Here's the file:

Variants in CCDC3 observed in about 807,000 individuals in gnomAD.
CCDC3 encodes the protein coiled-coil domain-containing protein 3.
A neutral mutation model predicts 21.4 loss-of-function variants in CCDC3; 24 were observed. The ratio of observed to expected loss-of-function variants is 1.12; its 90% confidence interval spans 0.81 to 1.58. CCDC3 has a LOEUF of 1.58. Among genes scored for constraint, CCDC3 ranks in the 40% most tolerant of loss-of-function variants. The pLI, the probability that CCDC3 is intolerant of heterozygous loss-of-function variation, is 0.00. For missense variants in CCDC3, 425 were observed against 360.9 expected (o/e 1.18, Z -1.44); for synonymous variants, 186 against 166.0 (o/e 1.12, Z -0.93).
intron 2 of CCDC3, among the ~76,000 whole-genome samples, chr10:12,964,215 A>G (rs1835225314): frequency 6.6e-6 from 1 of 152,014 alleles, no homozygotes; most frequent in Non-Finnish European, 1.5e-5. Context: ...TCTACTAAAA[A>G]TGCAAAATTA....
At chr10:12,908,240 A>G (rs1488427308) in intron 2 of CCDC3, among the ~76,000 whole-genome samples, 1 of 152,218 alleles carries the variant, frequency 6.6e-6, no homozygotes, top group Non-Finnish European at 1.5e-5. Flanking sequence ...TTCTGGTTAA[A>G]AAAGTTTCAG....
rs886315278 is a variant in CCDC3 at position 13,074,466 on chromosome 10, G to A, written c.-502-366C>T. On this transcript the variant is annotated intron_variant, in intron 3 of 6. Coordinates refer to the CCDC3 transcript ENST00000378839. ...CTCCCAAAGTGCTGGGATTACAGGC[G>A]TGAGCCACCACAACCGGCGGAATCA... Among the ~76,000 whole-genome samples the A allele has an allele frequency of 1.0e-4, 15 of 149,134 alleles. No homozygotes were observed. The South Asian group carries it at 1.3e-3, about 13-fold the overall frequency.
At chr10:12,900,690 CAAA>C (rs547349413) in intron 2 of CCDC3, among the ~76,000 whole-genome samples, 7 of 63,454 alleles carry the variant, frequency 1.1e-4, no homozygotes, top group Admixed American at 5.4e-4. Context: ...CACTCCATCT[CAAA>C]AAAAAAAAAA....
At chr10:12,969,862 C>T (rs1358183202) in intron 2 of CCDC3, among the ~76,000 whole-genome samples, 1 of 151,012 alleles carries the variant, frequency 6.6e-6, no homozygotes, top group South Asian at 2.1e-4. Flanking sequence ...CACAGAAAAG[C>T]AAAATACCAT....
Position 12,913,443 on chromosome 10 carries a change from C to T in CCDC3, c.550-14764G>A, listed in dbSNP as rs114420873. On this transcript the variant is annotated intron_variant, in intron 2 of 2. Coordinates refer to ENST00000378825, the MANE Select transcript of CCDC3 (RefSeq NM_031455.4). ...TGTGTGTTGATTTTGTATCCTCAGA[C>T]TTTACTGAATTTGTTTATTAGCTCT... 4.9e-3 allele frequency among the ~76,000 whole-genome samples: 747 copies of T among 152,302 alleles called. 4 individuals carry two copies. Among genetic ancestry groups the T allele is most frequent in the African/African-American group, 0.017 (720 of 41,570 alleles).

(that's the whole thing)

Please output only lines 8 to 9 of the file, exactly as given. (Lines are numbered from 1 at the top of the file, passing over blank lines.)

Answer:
At chr10:12,969,862 C>T (rs1358183202) in intron 2 of CCDC3, among the ~76,000 whole-genome samples, 1 of 151,012 alleles carries the variant, frequency 6.6e-6, no homozygotes, top group South Asian at 2.1e-4. Flanking sequence ...CACAGAAAAG[C>T]AAAATACCAT....
Position 12,913,443 on chromosome 10 carries a change from C to T in CCDC3, c.550-14764G>A, listed in dbSNP as rs114420873. On this transcript the variant is annotated intron_variant, in intron 2 of 2. Coordinates refer to ENST00000378825, the MANE Select transcript of CCDC3 (RefSeq NM_031455.4). ...TGTGTGTTGATTTTGTATCCTCAGA[C>T]TTTACTGAATTTGTTTATTAGCTCT... 4.9e-3 allele frequency among the ~76,000 whole-genome samples: 747 copies of T among 152,302 alleles called. 4 individuals carry two copies. Among genetic ancestry groups the T allele is most frequent in the African/African-American group, 0.017 (720 of 41,570 alleles).